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SALT LAKE CITY — A Utah attorney has been barred from practicing law in the Beehive State for the next three years after he failed to contact witnesses in a death penalty case, didn't file or ask for documents in other proceedings and didn't meet with a client he was representing.
Sean Young said he admitted to the violations identified in four complaints lodged with the Utah State Bar to put the disciplinary case behind him, but he doesn't agree with them and isn't liable for them under the terms of a settlement he signed.
"I was a good lawyer and represented people fairly and justly," he said Tuesday.
Complaints in 16 other cases were dropped as part of the agreement Young and the Utah bar's professional conduct office reached in July. The bar's move to suspend his license, effective in September, came to light Tuesday when his client, prominent Latino activist Tony Yapias, appeared in front of a judge in an evidence-tampering case without an attorney by his side.
The bar identified 17 violations of its rules across four different cases that range from Young not refunding fees to clients in a timely way, to misrepresenting to a state bar conduct committee the reason he did not file a petition in an immigration case.
In the capital murder case of Douglas Lovell — a Clearfield man twice convicted of kidnapping and raping Joyce Yost, of South Ogden, then killing her to silence her testimony in 1985 — Young failed to interview all but two of 18 witnesses, including some who testified at trial, according to the bar.
Young did not question those who took the witness stand about Lovell's remorse or their belief that he could do well on parole. And he "ineffectively capitulated" to concerns from attorneys for the The Church of Jesus Christ of Latter-day Saints, which restricted bishops from testifying about whether they believed Lovell had remorse, according to the agreement Young signed. Lovell has appealed, saying Young was ineffective.
Another attorney has appealed a case of one of Young's former clients, arguing Young didn't meet with the defendant or gather evidence, and didn't object to "highly prejudicial gang and tattoo evidence."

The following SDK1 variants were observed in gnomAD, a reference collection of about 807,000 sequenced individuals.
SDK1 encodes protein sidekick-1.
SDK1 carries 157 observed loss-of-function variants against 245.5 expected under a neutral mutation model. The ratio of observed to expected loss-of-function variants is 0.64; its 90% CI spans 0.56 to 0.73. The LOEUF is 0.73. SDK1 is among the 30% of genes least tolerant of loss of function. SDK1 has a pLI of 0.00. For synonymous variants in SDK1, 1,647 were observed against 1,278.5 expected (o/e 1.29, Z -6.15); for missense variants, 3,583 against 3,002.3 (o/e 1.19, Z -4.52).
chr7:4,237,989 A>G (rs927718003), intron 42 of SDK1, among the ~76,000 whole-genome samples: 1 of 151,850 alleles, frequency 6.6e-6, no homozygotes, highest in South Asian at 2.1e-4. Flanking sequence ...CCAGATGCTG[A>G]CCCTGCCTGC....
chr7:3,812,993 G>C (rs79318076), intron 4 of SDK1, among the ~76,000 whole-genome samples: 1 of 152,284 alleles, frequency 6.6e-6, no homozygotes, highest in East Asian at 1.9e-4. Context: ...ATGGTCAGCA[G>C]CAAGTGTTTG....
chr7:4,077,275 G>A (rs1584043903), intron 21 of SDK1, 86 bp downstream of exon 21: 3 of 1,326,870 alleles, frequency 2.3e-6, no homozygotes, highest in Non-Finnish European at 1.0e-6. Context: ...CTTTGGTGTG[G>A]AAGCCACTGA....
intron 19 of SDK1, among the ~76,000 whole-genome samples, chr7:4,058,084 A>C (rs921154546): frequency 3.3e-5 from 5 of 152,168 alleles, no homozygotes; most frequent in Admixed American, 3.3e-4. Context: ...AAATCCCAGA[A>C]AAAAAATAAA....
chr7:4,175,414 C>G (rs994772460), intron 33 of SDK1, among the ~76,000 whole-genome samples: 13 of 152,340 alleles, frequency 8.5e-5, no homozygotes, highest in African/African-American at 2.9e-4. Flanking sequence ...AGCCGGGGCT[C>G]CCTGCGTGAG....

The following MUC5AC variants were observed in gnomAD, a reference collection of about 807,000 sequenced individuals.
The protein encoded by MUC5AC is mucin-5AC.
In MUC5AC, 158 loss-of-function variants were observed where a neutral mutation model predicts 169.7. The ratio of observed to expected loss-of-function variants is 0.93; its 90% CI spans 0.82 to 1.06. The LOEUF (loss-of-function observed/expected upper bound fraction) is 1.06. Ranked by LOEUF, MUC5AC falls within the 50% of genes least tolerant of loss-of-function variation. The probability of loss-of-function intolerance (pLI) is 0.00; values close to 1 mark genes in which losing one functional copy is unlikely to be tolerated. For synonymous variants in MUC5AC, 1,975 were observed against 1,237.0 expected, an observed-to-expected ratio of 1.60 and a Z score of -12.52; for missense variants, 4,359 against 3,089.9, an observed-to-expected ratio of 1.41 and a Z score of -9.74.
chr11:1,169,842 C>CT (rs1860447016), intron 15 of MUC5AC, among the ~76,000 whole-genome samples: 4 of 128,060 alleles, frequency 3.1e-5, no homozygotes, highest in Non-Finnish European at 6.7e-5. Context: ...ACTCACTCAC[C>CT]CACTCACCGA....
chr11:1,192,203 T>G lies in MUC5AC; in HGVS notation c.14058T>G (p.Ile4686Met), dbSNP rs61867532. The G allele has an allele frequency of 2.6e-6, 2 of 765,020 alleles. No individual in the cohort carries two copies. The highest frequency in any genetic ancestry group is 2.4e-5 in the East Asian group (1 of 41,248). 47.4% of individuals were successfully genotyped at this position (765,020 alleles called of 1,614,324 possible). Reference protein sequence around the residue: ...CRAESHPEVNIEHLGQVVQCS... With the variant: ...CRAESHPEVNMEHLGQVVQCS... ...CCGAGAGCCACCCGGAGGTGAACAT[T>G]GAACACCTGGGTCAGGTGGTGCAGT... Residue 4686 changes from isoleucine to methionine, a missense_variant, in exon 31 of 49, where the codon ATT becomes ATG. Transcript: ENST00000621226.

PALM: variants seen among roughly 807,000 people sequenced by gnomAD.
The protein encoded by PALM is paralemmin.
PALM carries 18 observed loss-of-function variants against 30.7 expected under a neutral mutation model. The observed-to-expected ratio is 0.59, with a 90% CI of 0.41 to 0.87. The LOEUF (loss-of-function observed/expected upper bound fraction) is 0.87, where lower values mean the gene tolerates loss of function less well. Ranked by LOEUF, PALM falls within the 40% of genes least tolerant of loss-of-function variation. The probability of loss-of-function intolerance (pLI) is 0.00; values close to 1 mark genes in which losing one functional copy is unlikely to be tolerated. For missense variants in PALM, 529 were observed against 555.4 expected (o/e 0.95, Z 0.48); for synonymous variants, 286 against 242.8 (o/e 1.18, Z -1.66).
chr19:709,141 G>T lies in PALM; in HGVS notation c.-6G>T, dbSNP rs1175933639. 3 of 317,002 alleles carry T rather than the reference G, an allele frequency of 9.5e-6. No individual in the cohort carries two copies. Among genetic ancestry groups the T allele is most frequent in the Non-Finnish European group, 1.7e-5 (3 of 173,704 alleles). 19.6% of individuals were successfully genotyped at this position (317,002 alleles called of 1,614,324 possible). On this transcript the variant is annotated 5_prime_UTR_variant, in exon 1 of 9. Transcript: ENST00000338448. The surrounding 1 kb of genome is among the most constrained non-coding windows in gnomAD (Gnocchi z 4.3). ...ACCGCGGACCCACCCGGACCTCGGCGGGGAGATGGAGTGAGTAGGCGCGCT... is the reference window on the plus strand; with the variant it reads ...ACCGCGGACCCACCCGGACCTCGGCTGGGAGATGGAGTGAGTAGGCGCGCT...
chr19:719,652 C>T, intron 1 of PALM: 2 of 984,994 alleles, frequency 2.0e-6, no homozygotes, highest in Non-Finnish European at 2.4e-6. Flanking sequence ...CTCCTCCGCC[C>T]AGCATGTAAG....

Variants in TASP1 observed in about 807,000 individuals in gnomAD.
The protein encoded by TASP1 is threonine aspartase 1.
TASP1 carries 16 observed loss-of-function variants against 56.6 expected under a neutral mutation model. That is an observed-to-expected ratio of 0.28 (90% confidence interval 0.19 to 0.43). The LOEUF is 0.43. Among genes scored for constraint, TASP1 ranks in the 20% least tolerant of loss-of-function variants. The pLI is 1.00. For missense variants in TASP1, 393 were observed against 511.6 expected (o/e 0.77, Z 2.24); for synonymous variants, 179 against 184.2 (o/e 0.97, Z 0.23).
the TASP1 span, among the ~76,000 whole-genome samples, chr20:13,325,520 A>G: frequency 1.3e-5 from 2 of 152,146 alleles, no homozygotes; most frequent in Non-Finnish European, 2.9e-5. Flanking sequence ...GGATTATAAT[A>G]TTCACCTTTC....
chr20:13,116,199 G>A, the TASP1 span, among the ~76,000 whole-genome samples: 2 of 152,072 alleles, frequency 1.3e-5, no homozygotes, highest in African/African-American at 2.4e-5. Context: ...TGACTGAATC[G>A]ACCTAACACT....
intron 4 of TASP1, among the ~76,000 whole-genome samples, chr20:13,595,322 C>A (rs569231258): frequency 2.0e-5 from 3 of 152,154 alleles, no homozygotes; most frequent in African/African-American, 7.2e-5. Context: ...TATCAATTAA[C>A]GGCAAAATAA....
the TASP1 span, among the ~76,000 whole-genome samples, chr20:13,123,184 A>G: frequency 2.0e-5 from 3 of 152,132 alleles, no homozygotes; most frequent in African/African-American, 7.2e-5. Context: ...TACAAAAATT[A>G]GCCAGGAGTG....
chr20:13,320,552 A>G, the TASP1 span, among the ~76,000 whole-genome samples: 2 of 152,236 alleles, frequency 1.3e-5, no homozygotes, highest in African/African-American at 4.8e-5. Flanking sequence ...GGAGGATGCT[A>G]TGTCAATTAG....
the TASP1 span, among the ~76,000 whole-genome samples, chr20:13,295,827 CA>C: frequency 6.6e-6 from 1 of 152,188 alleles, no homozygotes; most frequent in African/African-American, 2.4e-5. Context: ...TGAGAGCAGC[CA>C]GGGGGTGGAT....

He didn't file court documents requesting an undocumented client be allowed to lawfully remain in the U.S. despite being granted more time to file them and was not timely in returning fees she had paid him, the court documents show.
Young told the Deseret News on Tuesday he has wanted to leave behind his career as an attorney for five years and plans to find a new line of work, possibly in sales. He believes that after the complaint from Lovell, others he has represented reported violations of bar conduct in hopes it would persuade a judge to revisit their cases.
Yapias, a longtime advocate in Utah's Hispanic community, was scheduled to be sentenced Tuesday for holding a woman in her house for too long and deleting texts with evidence from her phone, both misdemeanors. He was originally charged with rape, but he and Young reached a plea deal with prosecutors in August.
Young said he had believed the Utah State Bar would allow him to finish out the case so Yapias would not need to find and pay a new attorney, but the settlement document he signed in July does not mention such an exception. A prosecutor pointed out to him Tuesday that the bar's website showed his license was suspended, he said.
"The blame's on me for not following up and understanding," he said.
Third District Judge Randall Skanchy on Tuesday postponed the hearing by a week, saying he wanted Yapias to have an attorney at the time of his sentencing.
Young said he could have called another attorney to represent Yapias at the hearing Tuesday but negotiated a postponement because he and his client didn't know the details of a statement that the victim intended to make in court.
Young said that while he will not be representing Yapias, he will be there to support him on Nov. 6.